1 Mintu-Wimsatt Dorian Stoilescu et al. Modalities of using Creativity learning online objects courses: for intelligent perceptions agents of MBA in learning student 55 Creativity in online courses: perceptions of MBA student Alma Mintu-Wimsatt, Texas A & M University, TX, USA Theresa Sadler, Texas A & M University, TX, USA Kendra Ingram, Texas A & M University, TX, USA Article originally published in MERLOT Journal of Online Learning and Teaching, V. 3(2007), n. 4. This work is licensed under a Creative Commons Attribution-NonCommercial- ShareAlike 2.5 License (http://creativecommons.org/ licenses/by-nc-sa/2.5/) ABSTRACT. Creativity is a key competency skill sought after by many employers. And yet, one of the major criticisms of business schools relates to its lack of programs that promote creative and/or innovative thinking. This could be compounded by the fact that a large number of business programs are currently offered online. Consequently, the issue of whether online education stifles or enhances students creativity is brought to the forefront. Using this question, the authors engaged in an inquiry process dealing with MBA students perceptions of how online courses impact their creativity. Based on students feedback, it appears that taking online courses generally enhances their creativity. They are not only more inclined to be creative thinkers, but also more likely to be organized and exercise critical thinking. The students noted, however, that online instructors are largely instrumental in enhancing creativity. They also suggested that creativity cannot be integrated equally in all types of business courses. KEYWORDS: Distance education, Graduate business students, Innovative thinking, Marketing Management course Introduction Fostering creative thinking among business students is no small task. Creating new business electives, developing corporate partnerships and exchange programs, consulting with entrepreneurs and executives are some of the means business schools are currently employing to enhance creativity and innovation in their curriculum (Business Week, 2005). These methods are primarily based on the premise that some form of traditional face-to-face or social interaction will be employed. However, in today s business schools, a growing number of programs are focusing on technologymediated learning modes as supplements and/or alternatives to the traditional learning pedagogy. Indeed, technology-mediated learning via online delivery is quite common in most universities and colleges across the United States (Hollenbeck et al., 2005).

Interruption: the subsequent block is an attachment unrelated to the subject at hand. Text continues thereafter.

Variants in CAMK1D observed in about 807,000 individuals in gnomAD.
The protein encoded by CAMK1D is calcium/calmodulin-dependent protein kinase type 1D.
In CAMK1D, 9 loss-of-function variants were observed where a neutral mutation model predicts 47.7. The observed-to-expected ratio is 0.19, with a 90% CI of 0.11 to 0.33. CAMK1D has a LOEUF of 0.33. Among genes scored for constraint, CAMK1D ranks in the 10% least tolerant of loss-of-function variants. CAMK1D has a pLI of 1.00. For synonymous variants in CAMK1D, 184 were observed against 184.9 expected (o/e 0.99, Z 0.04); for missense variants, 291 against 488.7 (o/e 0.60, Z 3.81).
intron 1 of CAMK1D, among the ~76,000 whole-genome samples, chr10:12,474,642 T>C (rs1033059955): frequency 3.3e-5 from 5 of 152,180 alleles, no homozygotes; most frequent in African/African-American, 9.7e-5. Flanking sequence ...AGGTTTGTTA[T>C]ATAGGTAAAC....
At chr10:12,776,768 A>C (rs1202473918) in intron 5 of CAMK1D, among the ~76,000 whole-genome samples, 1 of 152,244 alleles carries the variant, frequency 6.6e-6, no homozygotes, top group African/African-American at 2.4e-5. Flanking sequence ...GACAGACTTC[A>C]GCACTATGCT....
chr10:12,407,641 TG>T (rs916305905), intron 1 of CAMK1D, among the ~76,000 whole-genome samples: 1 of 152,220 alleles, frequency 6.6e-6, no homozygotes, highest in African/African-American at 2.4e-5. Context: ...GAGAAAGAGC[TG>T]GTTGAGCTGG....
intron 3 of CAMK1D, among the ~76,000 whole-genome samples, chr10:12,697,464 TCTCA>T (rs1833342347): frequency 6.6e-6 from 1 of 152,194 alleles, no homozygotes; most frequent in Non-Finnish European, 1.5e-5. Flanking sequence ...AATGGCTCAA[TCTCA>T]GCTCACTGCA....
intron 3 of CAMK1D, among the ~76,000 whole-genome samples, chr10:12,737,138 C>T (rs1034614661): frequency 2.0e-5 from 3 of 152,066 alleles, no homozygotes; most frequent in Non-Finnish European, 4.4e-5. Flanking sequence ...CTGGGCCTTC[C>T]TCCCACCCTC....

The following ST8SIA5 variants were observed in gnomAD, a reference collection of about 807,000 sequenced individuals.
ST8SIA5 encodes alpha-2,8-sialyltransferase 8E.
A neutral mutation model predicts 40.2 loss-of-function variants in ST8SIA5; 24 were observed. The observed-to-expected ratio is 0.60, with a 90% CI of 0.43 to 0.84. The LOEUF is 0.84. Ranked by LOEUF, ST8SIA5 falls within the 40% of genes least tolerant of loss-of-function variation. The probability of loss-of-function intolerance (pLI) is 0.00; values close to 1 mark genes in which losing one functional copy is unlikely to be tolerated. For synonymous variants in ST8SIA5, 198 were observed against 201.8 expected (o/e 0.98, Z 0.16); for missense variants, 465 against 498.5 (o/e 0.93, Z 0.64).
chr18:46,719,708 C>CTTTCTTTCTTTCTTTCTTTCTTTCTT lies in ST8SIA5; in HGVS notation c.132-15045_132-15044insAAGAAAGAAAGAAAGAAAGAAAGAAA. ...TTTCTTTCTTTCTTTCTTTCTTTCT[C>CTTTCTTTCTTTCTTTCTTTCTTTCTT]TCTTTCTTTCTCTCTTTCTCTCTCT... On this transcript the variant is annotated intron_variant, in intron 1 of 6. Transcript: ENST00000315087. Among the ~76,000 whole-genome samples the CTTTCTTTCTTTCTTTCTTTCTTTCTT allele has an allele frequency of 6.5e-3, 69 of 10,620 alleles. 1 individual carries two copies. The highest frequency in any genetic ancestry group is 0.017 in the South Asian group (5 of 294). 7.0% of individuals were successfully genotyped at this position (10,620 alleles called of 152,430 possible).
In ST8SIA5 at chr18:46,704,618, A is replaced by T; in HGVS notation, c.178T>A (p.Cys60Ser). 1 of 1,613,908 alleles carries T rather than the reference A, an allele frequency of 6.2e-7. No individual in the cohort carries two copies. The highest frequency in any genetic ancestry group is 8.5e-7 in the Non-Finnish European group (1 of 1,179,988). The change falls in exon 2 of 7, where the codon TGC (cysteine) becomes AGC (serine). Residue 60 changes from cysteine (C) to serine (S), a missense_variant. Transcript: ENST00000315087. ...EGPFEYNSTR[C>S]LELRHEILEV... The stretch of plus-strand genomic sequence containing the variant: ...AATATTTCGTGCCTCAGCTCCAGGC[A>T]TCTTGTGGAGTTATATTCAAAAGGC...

2 56 FORMAMENTE - Anno III Numero 1-2/2008 As a result, significant advances have been made in the area of online learning. With the growth and changes in online education, it is logical to pose the question: how will online education impact students creativity? For business schools, this question is especially critical for two reasons. First, a number of potential employers are apprehensive about the academic quality and appropriateness of online programs (Dellana et al., 2000; Bigelow, 1999). Second, the question of whether creativity is diminished in online education remains largely unanswered in the extant literature. The issue of creativity was brought to the forefront when a recent article in BusinessWeek.com was headlined with B-Schools Soft on Soft Skills (Business Week, 2007). These soft skills included human capital areas such as innovation and creativity. Two years ago, another Business Week article suggested that: The core offerings of nearly all B-schools are not meeting the growing demand for creative, innovative managers (Business Week, 2005, p.80). If business schools are not fostering the development of creative thinkers, will this be compounded by the fact that many business programs are currently offered via online education? To explore this question, the authors pose the question of creativity to MBA students currently enrolled in the core level graduate Marketing Management course. Based on their responses, suggestions are presented to help educators enhance the level of creative thinking among their online students. Literature review In general, the extant literature on distance or online education has focused primarily on two broad research areas. Ample research has been published on the benefits and pitfalls of distance education (Powell, 2007; Patel, Patel, 2006). There are also numerous studies comparing distance education with the traditional learning environment primarily in terms of cognitive factors - such as attitudes, outcomes (e.g., satisfaction, grades), student perceptions (e.g., preference, perceived quality) and learning experience (Spooner et al., 1999). Meanwhile, research on the integration of creativity in online education has been, at best, sporadic. This is despite the fact that creativity is considered one of the integral elements in the higher education experience (ChanLin, 2006; Jackson, 2006).